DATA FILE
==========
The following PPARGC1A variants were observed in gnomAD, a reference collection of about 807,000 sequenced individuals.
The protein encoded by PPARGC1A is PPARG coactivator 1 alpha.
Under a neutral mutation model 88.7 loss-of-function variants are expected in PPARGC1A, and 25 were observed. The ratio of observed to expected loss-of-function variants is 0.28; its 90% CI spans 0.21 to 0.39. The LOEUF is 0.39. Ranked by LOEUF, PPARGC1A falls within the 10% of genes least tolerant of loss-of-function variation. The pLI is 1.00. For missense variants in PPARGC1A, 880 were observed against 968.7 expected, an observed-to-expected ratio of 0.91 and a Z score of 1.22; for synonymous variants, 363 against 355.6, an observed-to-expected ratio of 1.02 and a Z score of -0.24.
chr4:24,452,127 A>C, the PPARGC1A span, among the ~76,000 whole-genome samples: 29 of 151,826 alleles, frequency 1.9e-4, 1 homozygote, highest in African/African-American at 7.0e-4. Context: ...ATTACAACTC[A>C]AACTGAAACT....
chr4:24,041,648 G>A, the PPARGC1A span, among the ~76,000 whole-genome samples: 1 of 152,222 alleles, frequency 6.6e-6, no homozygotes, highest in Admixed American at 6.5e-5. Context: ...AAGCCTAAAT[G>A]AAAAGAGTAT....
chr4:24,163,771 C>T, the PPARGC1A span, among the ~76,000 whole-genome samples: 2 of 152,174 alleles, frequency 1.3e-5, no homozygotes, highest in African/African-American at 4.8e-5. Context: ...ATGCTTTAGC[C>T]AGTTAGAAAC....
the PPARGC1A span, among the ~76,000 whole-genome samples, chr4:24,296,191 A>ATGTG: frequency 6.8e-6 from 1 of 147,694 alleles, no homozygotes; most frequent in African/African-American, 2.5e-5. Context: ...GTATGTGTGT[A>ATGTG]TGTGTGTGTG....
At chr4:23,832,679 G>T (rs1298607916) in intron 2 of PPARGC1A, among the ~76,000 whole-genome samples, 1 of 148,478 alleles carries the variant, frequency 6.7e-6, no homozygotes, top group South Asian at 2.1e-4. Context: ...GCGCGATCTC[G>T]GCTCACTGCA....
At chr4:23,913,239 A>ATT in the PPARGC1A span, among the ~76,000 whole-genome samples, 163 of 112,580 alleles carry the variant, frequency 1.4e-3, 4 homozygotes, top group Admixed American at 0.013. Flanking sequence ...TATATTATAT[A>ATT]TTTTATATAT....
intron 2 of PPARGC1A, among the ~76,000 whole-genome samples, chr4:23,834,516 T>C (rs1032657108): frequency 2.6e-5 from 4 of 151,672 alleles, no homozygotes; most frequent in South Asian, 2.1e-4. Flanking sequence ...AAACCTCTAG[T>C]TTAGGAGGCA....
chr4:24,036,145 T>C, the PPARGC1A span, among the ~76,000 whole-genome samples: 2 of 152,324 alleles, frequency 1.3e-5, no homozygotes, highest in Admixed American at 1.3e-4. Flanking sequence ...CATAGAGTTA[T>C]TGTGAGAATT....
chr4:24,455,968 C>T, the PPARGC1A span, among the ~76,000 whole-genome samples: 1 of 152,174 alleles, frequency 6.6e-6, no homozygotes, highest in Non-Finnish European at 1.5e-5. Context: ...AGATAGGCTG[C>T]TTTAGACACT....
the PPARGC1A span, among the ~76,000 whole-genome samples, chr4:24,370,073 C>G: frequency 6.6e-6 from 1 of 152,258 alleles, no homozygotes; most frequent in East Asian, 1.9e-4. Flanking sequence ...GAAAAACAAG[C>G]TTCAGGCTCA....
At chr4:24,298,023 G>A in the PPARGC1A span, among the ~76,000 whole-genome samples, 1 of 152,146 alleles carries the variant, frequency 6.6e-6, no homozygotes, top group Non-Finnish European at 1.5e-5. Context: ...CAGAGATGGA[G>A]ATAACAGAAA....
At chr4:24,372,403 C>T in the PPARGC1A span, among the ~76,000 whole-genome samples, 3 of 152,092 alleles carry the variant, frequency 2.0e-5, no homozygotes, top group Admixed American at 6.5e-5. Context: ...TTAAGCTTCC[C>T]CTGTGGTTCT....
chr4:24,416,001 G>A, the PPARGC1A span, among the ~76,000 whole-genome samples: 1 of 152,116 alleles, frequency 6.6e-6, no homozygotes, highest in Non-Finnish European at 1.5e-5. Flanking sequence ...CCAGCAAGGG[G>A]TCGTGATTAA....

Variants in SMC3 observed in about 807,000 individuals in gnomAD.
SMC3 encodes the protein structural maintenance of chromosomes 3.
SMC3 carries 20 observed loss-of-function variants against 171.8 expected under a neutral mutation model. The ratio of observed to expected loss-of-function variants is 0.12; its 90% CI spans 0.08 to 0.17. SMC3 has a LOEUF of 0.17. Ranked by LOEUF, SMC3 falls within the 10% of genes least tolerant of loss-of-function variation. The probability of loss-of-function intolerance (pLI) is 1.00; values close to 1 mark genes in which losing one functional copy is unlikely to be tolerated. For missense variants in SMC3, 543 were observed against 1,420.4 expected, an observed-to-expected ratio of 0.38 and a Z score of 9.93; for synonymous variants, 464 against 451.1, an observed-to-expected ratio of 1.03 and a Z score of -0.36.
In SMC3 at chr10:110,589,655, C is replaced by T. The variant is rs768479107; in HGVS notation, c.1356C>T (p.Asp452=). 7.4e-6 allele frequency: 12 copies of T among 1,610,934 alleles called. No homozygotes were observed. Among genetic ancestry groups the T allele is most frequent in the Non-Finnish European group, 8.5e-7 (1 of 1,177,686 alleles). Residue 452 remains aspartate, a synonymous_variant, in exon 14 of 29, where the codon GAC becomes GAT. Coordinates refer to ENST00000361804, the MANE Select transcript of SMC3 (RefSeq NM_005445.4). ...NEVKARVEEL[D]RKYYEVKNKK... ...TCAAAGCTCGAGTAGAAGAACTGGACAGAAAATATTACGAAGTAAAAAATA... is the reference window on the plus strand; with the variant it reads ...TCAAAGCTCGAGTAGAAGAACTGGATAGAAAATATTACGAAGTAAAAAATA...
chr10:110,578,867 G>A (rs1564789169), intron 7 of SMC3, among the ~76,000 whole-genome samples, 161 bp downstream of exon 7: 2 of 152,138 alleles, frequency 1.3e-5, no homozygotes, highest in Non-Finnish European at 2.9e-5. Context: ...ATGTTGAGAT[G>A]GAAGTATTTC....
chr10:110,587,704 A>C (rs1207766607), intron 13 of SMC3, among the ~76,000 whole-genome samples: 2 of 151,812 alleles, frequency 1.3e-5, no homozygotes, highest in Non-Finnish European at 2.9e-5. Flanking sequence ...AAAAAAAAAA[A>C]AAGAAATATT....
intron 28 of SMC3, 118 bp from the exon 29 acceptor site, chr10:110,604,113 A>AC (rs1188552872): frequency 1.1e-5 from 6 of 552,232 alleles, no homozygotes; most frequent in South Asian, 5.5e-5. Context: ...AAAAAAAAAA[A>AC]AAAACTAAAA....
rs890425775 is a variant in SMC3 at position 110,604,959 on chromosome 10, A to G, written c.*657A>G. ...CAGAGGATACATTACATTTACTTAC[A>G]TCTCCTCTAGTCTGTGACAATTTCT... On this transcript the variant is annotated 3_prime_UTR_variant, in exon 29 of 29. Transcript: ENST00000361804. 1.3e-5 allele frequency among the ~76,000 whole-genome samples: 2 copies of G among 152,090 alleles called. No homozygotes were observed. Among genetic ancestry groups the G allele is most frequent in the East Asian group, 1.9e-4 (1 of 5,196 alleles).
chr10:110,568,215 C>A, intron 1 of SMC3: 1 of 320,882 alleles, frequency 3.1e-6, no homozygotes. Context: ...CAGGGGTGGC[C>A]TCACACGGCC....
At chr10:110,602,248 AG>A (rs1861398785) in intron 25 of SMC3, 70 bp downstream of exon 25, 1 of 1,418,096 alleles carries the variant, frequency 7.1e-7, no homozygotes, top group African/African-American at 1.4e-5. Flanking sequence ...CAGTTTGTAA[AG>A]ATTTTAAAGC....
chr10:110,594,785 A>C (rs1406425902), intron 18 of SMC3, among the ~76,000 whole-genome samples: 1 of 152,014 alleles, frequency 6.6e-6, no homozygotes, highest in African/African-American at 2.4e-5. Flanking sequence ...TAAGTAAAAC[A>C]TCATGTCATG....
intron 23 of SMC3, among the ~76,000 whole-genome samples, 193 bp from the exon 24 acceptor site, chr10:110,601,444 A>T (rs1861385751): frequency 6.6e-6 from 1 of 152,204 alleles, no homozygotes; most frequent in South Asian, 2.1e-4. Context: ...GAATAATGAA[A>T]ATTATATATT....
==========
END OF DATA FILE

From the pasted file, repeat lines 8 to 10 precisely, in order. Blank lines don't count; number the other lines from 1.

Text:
At chr4:23,832,679 G>T (rs1298607916) in intron 2 of PPARGC1A, among the ~76,000 whole-genome samples, 1 of 148,478 alleles carries the variant, frequency 6.7e-6, no homozygotes, top group South Asian at 2.1e-4. Context: ...GCGCGATCTC[G>T]GCTCACTGCA....
At chr4:23,913,239 A>ATT in the PPARGC1A span, among the ~76,000 whole-genome samples, 163 of 112,580 alleles carry the variant, frequency 1.4e-3, 4 homozygotes, top group Admixed American at 0.013. Flanking sequence ...TATATTATAT[A>ATT]TTTTATATAT....
intron 2 of PPARGC1A, among the ~76,000 whole-genome samples, chr4:23,834,516 T>C (rs1032657108): frequency 2.6e-5 from 4 of 151,672 alleles, no homozygotes; most frequent in South Asian, 2.1e-4. Flanking sequence ...AAACCTCTAG[T>C]TTAGGAGGCA....